Summary: The faith of the Canaanite woman moved Jesus with compassion to meet her need - even though she wasn’t within his primary goal at that time

Mt 15:21-28 The Canaanite Woman

Have you ever wondered why St Matthew included this story about Jesus in his Gospel?

As you know the first century Jews used to refer to non- Jews as Gentile dogs.

And it used to grate me when Jesus said to the Canaanite woman

"It is not right to take the children’s bread and toss it to their dogs."

But I don’t think this is the central message of the story and so I’d like to park that for now

Rather I would like to dig further behind the story. I’d like to ask the question

WHY did Matthew include this story in this Gospel?

To find the answer, we need to look at the context of the story within the Gospel of Matthew.

The whole of Matthew Chapter 15 goes to the subject of what is and what is not unclean.

1. What is unclean?

The chapter opens with the Pharisees attacking Jesus because his disciples don’t adhere strictly to the letter of their man made laws.

They said to Jesus: “Why do your disciples break the traditions of the elders. They don’t wash their hands before they eat”

Getting to the heart of their question, Jesus replies by saying that

“What goes into a man’s mouth does not make him ’unclean,’ but what comes out of his mouth that is what makes him ’unclean.’ " (v.11).

2. Who is Unclean?

Jesus then goes on to reinforce his teaching by interacting with a person the Pharisees would consider unclean – a Gentile woman.

In the story of the healing of the Canaanite woman’s daughter – Jesus shows compassion to the needs of an “unclean” person thereby DIGNIFYING her.

3. The feeding of the Unclean

And the Chapter ends with the feeding of the four thousand Gentiles (again people the Jews would consider unclean) – and we read that seven baskets of leftovers picked up afterwards (v37).

Which compares to the twelve baskets that were leftover at the feeding of the five thousand in the previous chapter. Mt 14: 13-21)

Unlike the feeding of the five thousand in the previous chapter who were Jews – the four thousand who are fed are Gentiles.

Where do I get that from - the parallel passage in St Mark’s Gospel (Mk 7:31).

Here we read that Jesus was in the region of the Decapolis – a group of ten independently governed Greek cities in the Transjordan region when he performed this miracle.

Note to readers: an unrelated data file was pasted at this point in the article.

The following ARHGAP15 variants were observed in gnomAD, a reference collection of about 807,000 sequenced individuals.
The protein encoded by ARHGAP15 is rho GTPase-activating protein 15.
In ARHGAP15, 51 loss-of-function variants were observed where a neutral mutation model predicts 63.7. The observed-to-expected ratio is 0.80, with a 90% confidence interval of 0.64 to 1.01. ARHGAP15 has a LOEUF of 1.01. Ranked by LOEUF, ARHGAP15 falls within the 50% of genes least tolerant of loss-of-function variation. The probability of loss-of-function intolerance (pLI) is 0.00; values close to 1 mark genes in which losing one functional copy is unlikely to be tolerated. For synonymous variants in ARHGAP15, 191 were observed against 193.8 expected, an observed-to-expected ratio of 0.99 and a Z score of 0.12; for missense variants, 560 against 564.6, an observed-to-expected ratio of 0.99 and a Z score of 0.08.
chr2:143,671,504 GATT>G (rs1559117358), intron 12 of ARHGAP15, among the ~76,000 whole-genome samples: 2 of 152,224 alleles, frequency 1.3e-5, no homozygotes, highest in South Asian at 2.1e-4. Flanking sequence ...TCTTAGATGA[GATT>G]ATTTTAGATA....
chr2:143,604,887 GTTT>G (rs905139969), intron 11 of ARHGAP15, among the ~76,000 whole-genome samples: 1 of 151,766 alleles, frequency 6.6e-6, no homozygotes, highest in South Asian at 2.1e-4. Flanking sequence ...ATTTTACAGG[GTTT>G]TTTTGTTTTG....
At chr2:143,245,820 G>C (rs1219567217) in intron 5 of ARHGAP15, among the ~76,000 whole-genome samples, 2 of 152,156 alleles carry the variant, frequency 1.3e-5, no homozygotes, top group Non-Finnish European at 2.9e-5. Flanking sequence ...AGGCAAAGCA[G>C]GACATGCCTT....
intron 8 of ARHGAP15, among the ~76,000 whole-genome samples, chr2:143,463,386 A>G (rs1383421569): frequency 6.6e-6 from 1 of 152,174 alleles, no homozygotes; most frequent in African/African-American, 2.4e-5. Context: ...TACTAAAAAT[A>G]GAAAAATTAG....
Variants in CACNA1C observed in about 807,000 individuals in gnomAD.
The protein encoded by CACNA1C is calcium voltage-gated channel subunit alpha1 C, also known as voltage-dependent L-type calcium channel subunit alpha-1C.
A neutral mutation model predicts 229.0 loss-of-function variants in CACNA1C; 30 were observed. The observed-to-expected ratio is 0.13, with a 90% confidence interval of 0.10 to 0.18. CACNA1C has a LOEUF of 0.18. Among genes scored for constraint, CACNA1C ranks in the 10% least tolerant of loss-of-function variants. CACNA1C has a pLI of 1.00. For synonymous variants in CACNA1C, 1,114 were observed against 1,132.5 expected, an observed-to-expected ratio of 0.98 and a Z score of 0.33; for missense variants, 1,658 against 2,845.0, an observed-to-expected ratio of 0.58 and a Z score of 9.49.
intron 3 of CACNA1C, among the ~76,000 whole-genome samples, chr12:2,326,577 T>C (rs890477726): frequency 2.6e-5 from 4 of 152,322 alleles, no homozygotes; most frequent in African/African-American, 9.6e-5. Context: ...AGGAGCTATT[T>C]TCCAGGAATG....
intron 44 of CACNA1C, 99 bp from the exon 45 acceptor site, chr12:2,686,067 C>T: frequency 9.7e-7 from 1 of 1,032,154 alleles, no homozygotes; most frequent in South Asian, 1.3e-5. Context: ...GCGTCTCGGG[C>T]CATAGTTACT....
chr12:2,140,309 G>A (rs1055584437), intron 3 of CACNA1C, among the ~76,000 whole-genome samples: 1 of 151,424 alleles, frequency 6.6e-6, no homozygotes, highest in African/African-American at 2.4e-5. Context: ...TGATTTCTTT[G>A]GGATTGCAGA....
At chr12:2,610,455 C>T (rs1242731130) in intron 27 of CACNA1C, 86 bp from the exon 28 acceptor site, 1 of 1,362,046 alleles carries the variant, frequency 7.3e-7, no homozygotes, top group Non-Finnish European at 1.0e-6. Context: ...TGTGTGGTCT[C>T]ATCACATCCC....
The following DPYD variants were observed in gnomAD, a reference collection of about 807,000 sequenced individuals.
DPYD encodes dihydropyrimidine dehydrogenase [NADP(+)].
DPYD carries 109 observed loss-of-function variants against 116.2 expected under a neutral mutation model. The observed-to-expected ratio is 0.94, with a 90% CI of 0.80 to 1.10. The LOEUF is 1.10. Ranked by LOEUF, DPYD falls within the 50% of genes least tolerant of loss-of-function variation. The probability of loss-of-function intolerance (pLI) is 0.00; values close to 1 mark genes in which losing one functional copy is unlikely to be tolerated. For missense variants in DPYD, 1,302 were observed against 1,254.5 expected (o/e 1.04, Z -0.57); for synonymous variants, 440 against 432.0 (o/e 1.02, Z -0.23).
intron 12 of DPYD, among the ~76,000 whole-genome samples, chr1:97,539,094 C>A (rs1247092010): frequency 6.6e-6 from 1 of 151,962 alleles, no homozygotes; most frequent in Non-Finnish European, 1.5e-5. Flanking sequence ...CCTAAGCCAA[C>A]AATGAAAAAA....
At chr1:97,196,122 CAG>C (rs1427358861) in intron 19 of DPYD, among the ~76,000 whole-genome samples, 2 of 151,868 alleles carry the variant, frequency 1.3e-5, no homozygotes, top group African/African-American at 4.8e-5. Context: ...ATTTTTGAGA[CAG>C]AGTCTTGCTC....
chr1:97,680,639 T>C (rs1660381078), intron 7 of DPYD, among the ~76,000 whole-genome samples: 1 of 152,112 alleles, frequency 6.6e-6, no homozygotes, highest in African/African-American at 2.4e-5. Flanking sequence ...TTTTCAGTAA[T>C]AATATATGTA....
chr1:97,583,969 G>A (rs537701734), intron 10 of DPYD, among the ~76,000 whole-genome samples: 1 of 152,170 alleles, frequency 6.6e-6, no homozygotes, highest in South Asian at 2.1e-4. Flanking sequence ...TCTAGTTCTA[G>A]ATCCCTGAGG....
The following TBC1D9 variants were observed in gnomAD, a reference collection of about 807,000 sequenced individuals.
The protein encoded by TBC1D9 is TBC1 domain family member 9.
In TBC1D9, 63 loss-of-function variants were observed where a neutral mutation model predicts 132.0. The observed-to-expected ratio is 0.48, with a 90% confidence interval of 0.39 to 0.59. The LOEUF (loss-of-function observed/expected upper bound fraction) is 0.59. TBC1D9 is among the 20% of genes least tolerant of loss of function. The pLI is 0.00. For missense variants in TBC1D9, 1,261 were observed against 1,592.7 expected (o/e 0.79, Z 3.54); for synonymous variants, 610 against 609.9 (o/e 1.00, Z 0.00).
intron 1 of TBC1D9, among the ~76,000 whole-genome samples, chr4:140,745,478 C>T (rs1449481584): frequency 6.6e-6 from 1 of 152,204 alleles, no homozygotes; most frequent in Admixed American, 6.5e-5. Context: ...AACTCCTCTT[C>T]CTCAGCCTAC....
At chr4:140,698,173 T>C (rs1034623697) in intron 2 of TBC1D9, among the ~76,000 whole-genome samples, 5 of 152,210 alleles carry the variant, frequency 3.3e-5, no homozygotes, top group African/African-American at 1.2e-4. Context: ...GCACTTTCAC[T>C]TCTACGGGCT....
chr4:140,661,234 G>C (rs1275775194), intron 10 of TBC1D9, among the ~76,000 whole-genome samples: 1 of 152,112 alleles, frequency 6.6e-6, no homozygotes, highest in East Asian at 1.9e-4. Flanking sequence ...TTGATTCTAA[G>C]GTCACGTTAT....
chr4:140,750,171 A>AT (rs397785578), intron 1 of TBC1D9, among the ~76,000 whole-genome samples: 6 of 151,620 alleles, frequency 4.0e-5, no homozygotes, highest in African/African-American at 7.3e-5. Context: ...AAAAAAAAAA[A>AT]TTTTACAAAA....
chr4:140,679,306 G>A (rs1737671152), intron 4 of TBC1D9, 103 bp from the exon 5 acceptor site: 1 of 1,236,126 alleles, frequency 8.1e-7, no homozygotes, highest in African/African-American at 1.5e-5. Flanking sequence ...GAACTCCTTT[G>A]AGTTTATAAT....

The key to understanding the stories of Jesus in Mt 15 is that the Gospel is available NOT ONLY to God’s chosen people – the Jews - but also to us Gentiles too.

And as we are in Lent - and look towards Good Friday and Easter, we are reminded that NO –ONE is beyond the pale in God’s eyes - not even Slob-o- dan Mil-os-evic who died yesterday (11-03-06)

The Gospel is not just for a select body of fine upright men and women.

Rather the story of the healing of the Canaanite woman’s daughter REMINDS us that the Kingdom of God is available for the”riff raff” too.

I’d like to end my thoughts on this story today by coming back to that part of the story that often grated when Jesus said:.

"It is not right to take the children’s bread and toss it to their dogs."

Jesus knew that his primary mission AT THAT TIME was to take the Gospel to the Jewish people – and if he hadn’t been singleminded – he would never have achieved that goal, which his Heavenly Father had set him.

And I wonder if we see Jesus struggling with his calling when the Canaanite woman comes to him.

He says in verse 24:

“I was sent only to the lost sheep of Israel”

But in Greek there is no punctuation and so it has to be inferred

Michael Green in his commentary “The Message of Matthew” suggests that the same passage might also be translated as

“Was I sent only to the lost sheep of Israel?”

Which puts a completely different complexion on the story

And Michael Green goes on to suggest that Jesus continues to muse by saying

“Is it fair to take the children’s bread and give it to the pups” ( v.26)

(Again using different punctuation)

And immediately, brilliantly she picks up the half derogatory, half affectionate description. (The Greek word Kyn-aria here translated as “dogs really means “puppies”). And she comes out with a reply full of humour and faith

“Yes, Lord even the pups eat the crumbs that fall from their master’s table” (v.27)

Michael Green –The Message of Matthew p. 172-173)

Look at her response, which Jesus so highly commends.

1. It is interesting to note that she doesn’t take offence. I certainly would have in her position

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